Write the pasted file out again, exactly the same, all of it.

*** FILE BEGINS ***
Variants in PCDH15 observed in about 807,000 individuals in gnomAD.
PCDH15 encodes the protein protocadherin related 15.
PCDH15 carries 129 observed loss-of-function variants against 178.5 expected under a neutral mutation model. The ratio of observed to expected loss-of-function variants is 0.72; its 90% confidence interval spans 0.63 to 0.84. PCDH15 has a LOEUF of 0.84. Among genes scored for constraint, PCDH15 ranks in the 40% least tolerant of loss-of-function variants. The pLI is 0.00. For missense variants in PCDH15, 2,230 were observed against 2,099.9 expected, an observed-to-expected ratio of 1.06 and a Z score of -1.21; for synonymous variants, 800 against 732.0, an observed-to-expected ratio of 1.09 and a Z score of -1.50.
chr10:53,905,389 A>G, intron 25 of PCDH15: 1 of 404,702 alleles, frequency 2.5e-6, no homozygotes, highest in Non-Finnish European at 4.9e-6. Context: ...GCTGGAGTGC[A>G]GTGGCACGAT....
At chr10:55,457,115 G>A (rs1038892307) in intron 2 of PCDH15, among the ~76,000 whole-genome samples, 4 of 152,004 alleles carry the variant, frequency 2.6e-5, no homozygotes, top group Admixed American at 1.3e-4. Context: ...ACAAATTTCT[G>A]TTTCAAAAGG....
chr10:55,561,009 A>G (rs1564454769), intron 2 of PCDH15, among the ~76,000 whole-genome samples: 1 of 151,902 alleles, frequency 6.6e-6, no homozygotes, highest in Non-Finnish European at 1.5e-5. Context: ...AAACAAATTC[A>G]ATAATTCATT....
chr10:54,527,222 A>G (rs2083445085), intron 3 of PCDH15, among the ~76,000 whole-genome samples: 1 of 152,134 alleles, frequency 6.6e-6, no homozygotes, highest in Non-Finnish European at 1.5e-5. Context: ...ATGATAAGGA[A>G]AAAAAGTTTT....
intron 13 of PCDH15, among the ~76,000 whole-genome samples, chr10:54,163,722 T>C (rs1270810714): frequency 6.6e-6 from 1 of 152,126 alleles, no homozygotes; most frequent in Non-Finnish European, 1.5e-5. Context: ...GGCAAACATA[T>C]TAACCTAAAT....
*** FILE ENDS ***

Variants in PCDH15 observed in about 807,000 individuals in gnomAD.
PCDH15 encodes the protein protocadherin related 15.
PCDH15 carries 129 observed loss-of-function variants against 178.5 expected under a neutral mutation model. The ratio of observed to expected loss-of-function variants is 0.72; its 90% confidence interval spans 0.63 to 0.84. PCDH15 has a LOEUF of 0.84. Among genes scored for constraint, PCDH15 ranks in the 40% least tolerant of loss-of-function variants. The pLI is 0.00. For missense variants in PCDH15, 2,230 were observed against 2,099.9 expected, an observed-to-expected ratio of 1.06 and a Z score of -1.21; for synonymous variants, 800 against 732.0, an observed-to-expected ratio of 1.09 and a Z score of -1.50.
chr10:53,905,389 A>G, intron 25 of PCDH15: 1 of 404,702 alleles, frequency 2.5e-6, no homozygotes, highest in Non-Finnish European at 4.9e-6. Context: ...GCTGGAGTGC[A>G]GTGGCACGAT....
At chr10:55,457,115 G>A (rs1038892307) in intron 2 of PCDH15, among the ~76,000 whole-genome samples, 4 of 152,004 alleles carry the variant, frequency 2.6e-5, no homozygotes, top group Admixed American at 1.3e-4. Context: ...ACAAATTTCT[G>A]TTTCAAAAGG....
chr10:55,561,009 A>G (rs1564454769), intron 2 of PCDH15, among the ~76,000 whole-genome samples: 1 of 151,902 alleles, frequency 6.6e-6, no homozygotes, highest in Non-Finnish European at 1.5e-5. Context: ...AAACAAATTC[A>G]ATAATTCATT....
chr10:54,527,222 A>G (rs2083445085), intron 3 of PCDH15, among the ~76,000 whole-genome samples: 1 of 152,134 alleles, frequency 6.6e-6, no homozygotes, highest in Non-Finnish European at 1.5e-5. Context: ...ATGATAAGGA[A>G]AAAAAGTTTT....
intron 13 of PCDH15, among the ~76,000 whole-genome samples, chr10:54,163,722 T>C (rs1270810714): frequency 6.6e-6 from 1 of 152,126 alleles, no homozygotes; most frequent in Non-Finnish European, 1.5e-5. Context: ...GGCAAACATA[T>C]TAACCTAAAT....